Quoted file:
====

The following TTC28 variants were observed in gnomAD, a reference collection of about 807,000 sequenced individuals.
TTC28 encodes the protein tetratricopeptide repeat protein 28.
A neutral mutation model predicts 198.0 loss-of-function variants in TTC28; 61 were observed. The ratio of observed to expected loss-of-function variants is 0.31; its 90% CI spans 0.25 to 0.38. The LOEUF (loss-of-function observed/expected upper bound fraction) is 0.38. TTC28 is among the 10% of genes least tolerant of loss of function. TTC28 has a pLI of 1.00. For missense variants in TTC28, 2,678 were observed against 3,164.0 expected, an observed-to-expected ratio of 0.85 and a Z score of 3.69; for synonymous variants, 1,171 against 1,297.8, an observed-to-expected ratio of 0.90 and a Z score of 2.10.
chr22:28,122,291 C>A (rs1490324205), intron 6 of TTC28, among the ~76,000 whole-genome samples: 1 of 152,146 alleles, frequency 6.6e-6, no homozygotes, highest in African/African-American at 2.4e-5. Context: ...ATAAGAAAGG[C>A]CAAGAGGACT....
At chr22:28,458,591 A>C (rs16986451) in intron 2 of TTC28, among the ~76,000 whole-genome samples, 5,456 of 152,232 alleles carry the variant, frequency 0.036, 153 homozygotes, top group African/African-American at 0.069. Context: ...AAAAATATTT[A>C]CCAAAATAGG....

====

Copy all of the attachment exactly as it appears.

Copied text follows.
The following TTC28 variants were observed in gnomAD, a reference collection of about 807,000 sequenced individuals.
TTC28 encodes the protein tetratricopeptide repeat protein 28.
A neutral mutation model predicts 198.0 loss-of-function variants in TTC28; 61 were observed. The ratio of observed to expected loss-of-function variants is 0.31; its 90% CI spans 0.25 to 0.38. The LOEUF (loss-of-function observed/expected upper bound fraction) is 0.38. TTC28 is among the 10% of genes least tolerant of loss of function. TTC28 has a pLI of 1.00. For missense variants in TTC28, 2,678 were observed against 3,164.0 expected, an observed-to-expected ratio of 0.85 and a Z score of 3.69; for synonymous variants, 1,171 against 1,297.8, an observed-to-expected ratio of 0.90 and a Z score of 2.10.
chr22:28,122,291 C>A (rs1490324205), intron 6 of TTC28, among the ~76,000 whole-genome samples: 1 of 152,146 alleles, frequency 6.6e-6, no homozygotes, highest in African/African-American at 2.4e-5. Context: ...ATAAGAAAGG[C>A]CAAGAGGACT....
At chr22:28,458,591 A>C (rs16986451) in intron 2 of TTC28, among the ~76,000 whole-genome samples, 5,456 of 152,232 alleles carry the variant, frequency 0.036, 153 homozygotes, top group African/African-American at 0.069. Context: ...AAAAATATTT[A>C]CCAAAATAGG....